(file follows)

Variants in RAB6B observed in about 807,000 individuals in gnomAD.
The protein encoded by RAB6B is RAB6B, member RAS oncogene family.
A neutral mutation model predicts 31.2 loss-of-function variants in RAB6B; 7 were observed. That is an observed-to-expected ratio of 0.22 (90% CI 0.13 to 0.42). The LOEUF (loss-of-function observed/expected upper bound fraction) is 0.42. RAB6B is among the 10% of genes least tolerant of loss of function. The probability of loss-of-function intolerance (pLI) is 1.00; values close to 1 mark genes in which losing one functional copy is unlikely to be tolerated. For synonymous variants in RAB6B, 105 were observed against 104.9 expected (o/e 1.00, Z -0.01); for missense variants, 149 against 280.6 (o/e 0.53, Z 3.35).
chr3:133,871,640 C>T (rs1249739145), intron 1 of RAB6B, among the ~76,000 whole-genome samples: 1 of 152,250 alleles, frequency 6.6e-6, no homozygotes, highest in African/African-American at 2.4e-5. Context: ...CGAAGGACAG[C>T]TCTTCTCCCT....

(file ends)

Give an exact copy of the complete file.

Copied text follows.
Variants in RAB6B observed in about 807,000 individuals in gnomAD.
The protein encoded by RAB6B is RAB6B, member RAS oncogene family.
A neutral mutation model predicts 31.2 loss-of-function variants in RAB6B; 7 were observed. That is an observed-to-expected ratio of 0.22 (90% CI 0.13 to 0.42). The LOEUF (loss-of-function observed/expected upper bound fraction) is 0.42. RAB6B is among the 10% of genes least tolerant of loss of function. The probability of loss-of-function intolerance (pLI) is 1.00; values close to 1 mark genes in which losing one functional copy is unlikely to be tolerated. For synonymous variants in RAB6B, 105 were observed against 104.9 expected (o/e 1.00, Z -0.01); for missense variants, 149 against 280.6 (o/e 0.53, Z 3.35).
chr3:133,871,640 C>T (rs1249739145), intron 1 of RAB6B, among the ~76,000 whole-genome samples: 1 of 152,250 alleles, frequency 6.6e-6, no homozygotes, highest in African/African-American at 2.4e-5. Context: ...CGAAGGACAG[C>T]TCTTCTCCCT....